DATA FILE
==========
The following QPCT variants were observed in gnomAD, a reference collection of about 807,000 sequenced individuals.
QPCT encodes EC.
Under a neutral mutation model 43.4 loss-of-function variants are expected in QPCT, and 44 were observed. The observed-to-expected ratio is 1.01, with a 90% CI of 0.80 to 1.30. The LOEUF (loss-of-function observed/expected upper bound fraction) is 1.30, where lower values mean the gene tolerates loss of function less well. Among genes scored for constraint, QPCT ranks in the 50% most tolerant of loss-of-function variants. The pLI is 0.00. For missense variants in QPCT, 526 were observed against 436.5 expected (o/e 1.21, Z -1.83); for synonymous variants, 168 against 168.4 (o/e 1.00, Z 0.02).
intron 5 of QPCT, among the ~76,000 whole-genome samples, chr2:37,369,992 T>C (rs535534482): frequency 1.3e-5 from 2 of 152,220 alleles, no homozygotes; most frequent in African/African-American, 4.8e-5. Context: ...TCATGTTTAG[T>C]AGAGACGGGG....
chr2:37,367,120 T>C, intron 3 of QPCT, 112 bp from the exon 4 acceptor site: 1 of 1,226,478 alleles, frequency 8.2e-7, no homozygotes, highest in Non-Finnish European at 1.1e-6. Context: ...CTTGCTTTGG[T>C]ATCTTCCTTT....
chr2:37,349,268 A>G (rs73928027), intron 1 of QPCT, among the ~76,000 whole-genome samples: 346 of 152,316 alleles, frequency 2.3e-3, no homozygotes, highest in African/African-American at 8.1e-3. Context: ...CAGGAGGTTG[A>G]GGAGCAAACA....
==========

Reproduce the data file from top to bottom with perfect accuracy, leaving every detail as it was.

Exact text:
The following QPCT variants were observed in gnomAD, a reference collection of about 807,000 sequenced individuals.
QPCT encodes EC.
Under a neutral mutation model 43.4 loss-of-function variants are expected in QPCT, and 44 were observed. The observed-to-expected ratio is 1.01, with a 90% CI of 0.80 to 1.30. The LOEUF (loss-of-function observed/expected upper bound fraction) is 1.30, where lower values mean the gene tolerates loss of function less well. Among genes scored for constraint, QPCT ranks in the 50% most tolerant of loss-of-function variants. The pLI is 0.00. For missense variants in QPCT, 526 were observed against 436.5 expected (o/e 1.21, Z -1.83); for synonymous variants, 168 against 168.4 (o/e 1.00, Z 0.02).
intron 5 of QPCT, among the ~76,000 whole-genome samples, chr2:37,369,992 T>C (rs535534482): frequency 1.3e-5 from 2 of 152,220 alleles, no homozygotes; most frequent in African/African-American, 4.8e-5. Context: ...TCATGTTTAG[T>C]AGAGACGGGG....
chr2:37,367,120 T>C, intron 3 of QPCT, 112 bp from the exon 4 acceptor site: 1 of 1,226,478 alleles, frequency 8.2e-7, no homozygotes, highest in Non-Finnish European at 1.1e-6. Context: ...CTTGCTTTGG[T>C]ATCTTCCTTT....
chr2:37,349,268 A>G (rs73928027), intron 1 of QPCT, among the ~76,000 whole-genome samples: 346 of 152,316 alleles, frequency 2.3e-3, no homozygotes, highest in African/African-American at 8.1e-3. Context: ...CAGGAGGTTG[A>G]GGAGCAAACA....